Snow could hit the UK by the end of the week, says the weather office

Parts of the country could see snow by the end of this week (Image: REX)

The UK could be set to see snow as soon as Friday as Britain braces for a winter blast in March, according to the Met Office.

Based on a long-range forecast, there is a “small chance” of “organized rain” or snow in southern England by the weekend.

Other weather providers show that over the next month, snowstorms could engulf the UK with a wintry blast in March.

Some maps show snow covering much of the UK in what will be a ‘very cold and snowy’ March.

The Weather Outlook published a set of weather maps revealing that winter weather will peak in the second week of March.

That week there could be non-stop snow flurries across the country for seven days in a row.

Scotland will bear the brunt of the initial wave before the Arctic weather front covers almost the entire country 24 hours later on Tuesday, March 7.

UK, London, young man standing next to the road in the city looking at cell phone

There is a ‘small chance of snow in parts of the UK this week (Image: Getty Images/Westend61)

Dense fog is seen in London this morning.  The UK is embracing

Low-lying fog has blanketed parts of London in recent weeks (Image: Hesther Ng/SOPA Images/LightRocket via Getty Images)

Flurries of snow and blizzards are expected to last through at least next Monday, March 13, when the long-range forecast ends.

Chances of a dramatic drop in temperatures are attributed to a sudden stratospheric warming (SSW) and polar vortex.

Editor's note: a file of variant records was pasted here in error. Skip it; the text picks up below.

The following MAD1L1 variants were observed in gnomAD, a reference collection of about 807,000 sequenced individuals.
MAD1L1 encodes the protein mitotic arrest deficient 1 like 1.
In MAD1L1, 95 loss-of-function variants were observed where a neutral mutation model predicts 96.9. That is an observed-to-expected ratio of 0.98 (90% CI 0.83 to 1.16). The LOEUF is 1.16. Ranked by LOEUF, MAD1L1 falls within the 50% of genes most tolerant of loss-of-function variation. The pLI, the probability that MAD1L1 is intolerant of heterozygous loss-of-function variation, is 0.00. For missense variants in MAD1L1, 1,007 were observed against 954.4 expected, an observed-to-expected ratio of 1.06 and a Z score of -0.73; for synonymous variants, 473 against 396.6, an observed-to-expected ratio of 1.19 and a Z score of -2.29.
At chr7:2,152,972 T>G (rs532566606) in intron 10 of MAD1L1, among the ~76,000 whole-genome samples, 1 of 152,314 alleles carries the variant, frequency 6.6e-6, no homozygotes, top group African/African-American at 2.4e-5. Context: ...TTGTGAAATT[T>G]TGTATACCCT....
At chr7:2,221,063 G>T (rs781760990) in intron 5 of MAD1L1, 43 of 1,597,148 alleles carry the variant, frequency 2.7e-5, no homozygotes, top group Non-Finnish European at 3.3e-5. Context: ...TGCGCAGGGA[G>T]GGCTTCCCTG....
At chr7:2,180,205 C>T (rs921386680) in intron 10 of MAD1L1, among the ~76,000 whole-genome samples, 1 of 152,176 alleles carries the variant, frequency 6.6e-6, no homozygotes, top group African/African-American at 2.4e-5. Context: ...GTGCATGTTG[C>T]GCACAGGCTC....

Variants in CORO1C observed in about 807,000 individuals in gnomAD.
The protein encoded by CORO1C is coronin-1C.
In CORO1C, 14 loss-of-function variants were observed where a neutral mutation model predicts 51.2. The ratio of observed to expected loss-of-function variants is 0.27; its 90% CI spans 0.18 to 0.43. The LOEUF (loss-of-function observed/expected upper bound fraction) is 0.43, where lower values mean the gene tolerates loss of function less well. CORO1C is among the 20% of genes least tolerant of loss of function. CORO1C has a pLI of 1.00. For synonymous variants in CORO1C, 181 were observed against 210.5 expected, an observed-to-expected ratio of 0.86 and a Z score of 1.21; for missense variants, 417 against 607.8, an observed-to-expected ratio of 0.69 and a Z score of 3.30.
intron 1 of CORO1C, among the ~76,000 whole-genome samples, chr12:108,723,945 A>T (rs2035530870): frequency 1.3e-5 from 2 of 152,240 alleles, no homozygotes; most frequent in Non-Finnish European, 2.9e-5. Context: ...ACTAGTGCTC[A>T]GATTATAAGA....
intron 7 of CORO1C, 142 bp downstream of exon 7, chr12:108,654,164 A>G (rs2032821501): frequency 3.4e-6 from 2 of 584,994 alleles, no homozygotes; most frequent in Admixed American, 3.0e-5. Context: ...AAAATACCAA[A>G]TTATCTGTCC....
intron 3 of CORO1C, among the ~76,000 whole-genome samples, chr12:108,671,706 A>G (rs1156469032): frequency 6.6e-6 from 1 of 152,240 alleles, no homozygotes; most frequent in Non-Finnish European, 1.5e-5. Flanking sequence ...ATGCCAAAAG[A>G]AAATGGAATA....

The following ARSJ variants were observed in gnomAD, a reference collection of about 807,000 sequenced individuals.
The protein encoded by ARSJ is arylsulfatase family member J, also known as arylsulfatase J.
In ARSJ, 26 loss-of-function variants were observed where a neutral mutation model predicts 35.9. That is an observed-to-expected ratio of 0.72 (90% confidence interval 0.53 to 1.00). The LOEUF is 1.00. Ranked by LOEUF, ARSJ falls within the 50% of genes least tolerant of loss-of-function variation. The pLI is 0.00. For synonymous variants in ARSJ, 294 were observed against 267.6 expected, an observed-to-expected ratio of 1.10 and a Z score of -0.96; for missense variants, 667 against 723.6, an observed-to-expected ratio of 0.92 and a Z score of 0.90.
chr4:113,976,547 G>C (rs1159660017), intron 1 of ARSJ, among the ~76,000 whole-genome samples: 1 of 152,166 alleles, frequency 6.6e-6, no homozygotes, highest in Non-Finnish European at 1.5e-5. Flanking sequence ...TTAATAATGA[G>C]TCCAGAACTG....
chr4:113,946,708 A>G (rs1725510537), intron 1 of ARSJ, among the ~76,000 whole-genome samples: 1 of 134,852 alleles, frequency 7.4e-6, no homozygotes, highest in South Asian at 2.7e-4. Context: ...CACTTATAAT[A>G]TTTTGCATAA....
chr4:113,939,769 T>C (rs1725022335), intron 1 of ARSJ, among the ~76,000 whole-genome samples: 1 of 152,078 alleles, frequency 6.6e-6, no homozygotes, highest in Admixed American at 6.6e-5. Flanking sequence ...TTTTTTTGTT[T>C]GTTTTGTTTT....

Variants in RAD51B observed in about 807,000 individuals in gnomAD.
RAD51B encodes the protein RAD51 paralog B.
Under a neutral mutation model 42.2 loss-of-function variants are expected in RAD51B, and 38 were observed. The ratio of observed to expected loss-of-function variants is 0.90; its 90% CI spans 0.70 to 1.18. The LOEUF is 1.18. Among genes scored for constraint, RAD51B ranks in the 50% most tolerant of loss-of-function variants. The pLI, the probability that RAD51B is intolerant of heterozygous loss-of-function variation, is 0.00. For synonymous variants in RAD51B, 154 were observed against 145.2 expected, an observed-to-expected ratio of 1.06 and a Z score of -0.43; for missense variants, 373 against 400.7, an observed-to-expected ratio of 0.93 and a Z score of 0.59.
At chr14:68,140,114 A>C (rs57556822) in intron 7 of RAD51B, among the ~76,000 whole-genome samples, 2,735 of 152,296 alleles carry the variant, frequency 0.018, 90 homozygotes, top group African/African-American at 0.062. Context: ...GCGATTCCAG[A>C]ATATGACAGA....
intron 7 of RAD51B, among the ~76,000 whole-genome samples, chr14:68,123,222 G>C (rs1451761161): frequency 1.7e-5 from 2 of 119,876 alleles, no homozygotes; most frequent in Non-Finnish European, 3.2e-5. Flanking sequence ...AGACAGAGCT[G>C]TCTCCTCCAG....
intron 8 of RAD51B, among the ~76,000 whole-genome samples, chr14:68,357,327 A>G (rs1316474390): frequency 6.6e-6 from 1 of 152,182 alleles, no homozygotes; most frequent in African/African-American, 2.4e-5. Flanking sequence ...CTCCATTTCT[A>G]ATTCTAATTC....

Both have led to unpredictable weather in recent weeks.

They are also responsible for the freezing temperatures of 2018 that caused the ‘Beast from the East’.

The Met Office said: “Mostly cloudy on Friday is likely with some light showers in places, although some clear or sunny spells remain possible.”

‘Into the weekend, stable conditions are expected to continue, bringing variable clouds with some clear sunny spells.

MACCLESFIELD, UK - JANUARY 17 Splash from a puddle creates icicles on a hedgerow in sub-zero temperatures on January 17, 2023 in Macclesfield, UK.  There are five yellow warnings for snow and ice for all UK nations and the Met Office has also issued a rare amber warning for the north of Scotland overnight into Wednesday.  (Photo by Christopher Furlong/Getty Images)

There are fears the UK could face another cold snap with snow and ice blanketing much of the north (Image: Getty)

Met Office issues yellow warnings for snow across the UK

In January, large parts of Scotland were covered in snow (Image: Jeff J Mitchell/Getty Images)

“The rains mainly along the northern and eastern coasts could be winter in the foothills. Later in the period, the high pressure is expected to migrate to the northwest, increasing the probability of winter showers in the north and east.

“There is a small chance that more organized rain or snow will spread to the south, and the west and northwest are more likely to remain under a stable regime.

‘Generally light to moderate winds, possibly becoming stronger in the north. Generally cooler than average temperatures, with a chance of frost overnight.

Met Office meteorologist Tom Morgan said: “It looks like the month will start on the cool side.” It’s a pretty cold week.

“The first week is likely to see below average temperatures, but not exceptionally.

“But from next weekend onwards, there are some small indications that we will see the winds shift to the north and that will bring much cooler conditions to the south.”

“It will be Scotland and the north-eastern parts of the UK that are likely to see snow from that period.

But at this stage it is very well balanced. We could start to see a bit more of a warmer Atlantic flow from the middle of the month onwards.

“It’s really too early to tell, but it looks like March at this point has a slightly higher chance of being a colder month than a warmer month.”

He said the next few days are expected to remain dry but cool, with some overnight frost, in what are “fairly standard conditions for the time of year.”

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